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Teams and learning in organizations
Other Talks in the Series: Team Effectiveness
What makes for a great team?
- Prof. J. Richard Hackman
- Department of Psychology, Harvard University, USA
Expertise and collective intelligence: when teams are (and are not) more than the sum of their parts
- Dr. Anita Williams Woolley
- Carnegie Mellon University, USA
Hello. My name is Amy Edmondson, and I'm delighted to be here to talk about my research on team learning and organizational learning in a more general sense. So, in today's organizations, it's absolutely crucial to be adaptive to changing situations; to be innovative, to continue to stay on the leading edge of what's possible in whatever industry you're in. Today, I want to talk about the role of teams in that overall aspiration. So, I'll review some of my research and research done by other people, but I'll start out very large talking about the nature of interdependent work in organizations. Then, we'll go further and see what that means for people trying to get work done in small groups and in larger groups, as well.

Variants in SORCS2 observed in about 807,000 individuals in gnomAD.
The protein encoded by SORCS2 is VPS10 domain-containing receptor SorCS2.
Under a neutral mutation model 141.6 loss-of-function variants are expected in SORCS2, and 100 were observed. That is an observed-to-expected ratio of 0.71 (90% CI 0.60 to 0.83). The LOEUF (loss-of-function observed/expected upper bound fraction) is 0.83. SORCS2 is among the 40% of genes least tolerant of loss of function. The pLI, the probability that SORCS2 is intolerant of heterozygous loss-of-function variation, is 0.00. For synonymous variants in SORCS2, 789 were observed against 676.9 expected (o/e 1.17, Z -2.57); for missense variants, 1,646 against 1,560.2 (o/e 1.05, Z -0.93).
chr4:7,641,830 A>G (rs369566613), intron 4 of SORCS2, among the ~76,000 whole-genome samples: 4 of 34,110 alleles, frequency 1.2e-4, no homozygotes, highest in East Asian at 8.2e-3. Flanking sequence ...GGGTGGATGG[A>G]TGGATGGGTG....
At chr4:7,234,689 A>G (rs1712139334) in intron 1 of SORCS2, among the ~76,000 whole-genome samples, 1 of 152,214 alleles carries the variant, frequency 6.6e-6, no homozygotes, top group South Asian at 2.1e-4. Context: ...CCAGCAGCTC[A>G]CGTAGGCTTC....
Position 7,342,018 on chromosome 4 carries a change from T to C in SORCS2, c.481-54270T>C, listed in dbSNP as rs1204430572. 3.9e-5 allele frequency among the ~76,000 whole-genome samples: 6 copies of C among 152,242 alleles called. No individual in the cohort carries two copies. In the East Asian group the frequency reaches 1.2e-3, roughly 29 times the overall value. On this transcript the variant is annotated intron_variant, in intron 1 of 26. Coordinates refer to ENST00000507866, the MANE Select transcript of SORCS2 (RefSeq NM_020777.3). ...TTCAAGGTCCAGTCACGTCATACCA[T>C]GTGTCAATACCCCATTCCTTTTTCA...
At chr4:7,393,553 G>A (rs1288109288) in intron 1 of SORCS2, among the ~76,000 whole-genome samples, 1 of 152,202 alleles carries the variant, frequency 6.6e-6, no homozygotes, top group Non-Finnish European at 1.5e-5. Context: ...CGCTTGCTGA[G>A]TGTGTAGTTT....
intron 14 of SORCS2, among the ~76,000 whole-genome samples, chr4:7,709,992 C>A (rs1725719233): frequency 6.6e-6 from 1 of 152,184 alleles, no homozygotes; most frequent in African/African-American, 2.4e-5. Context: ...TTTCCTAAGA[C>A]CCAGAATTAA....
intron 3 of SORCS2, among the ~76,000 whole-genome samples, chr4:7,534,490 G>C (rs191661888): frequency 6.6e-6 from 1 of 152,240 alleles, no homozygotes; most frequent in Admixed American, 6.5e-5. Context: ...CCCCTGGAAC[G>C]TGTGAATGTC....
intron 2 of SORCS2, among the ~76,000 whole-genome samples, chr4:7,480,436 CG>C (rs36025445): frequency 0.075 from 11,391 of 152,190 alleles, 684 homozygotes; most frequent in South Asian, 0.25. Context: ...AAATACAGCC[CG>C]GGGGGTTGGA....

Let's start with the basics. Work is interdependent in organizations when it requires more than one person to get it done. 40 years ago, a researcher named James Thompson identified three different types of interdependence. Pooled, which is divide and conquer; figure out the tasks ahead of time, give them to different people, they'll do their job, and then, in the end, the product or service will be there. Sequential interdependence means that, essentially, each person does their job and throws the results of that job over the wall and then the next person picks up where he or she left off. That's interdependence where we each have an important part, but it has to be done in the right order. Reciprocal interdependence is where we have to, actually, talk back and forth. We have to coordinate, if we're going to do the work right. We have to be in actual conversations and reacting to each other's ideas. That's called reciprocal coordination. That is, essentially, what teams are designed for. Teams can be thought of as a design solution for reciprocal interdependence in organization. It's just too complicated to figure out who needs to do what ahead of time. Therefore, we create small teams, and we give them the challenge of having to work out the different areas of interdependence. Sometimes, it's because they're complex; they change as the work goes on, and sometimes, it's simply because it's a more motivating and engaging way to do the work.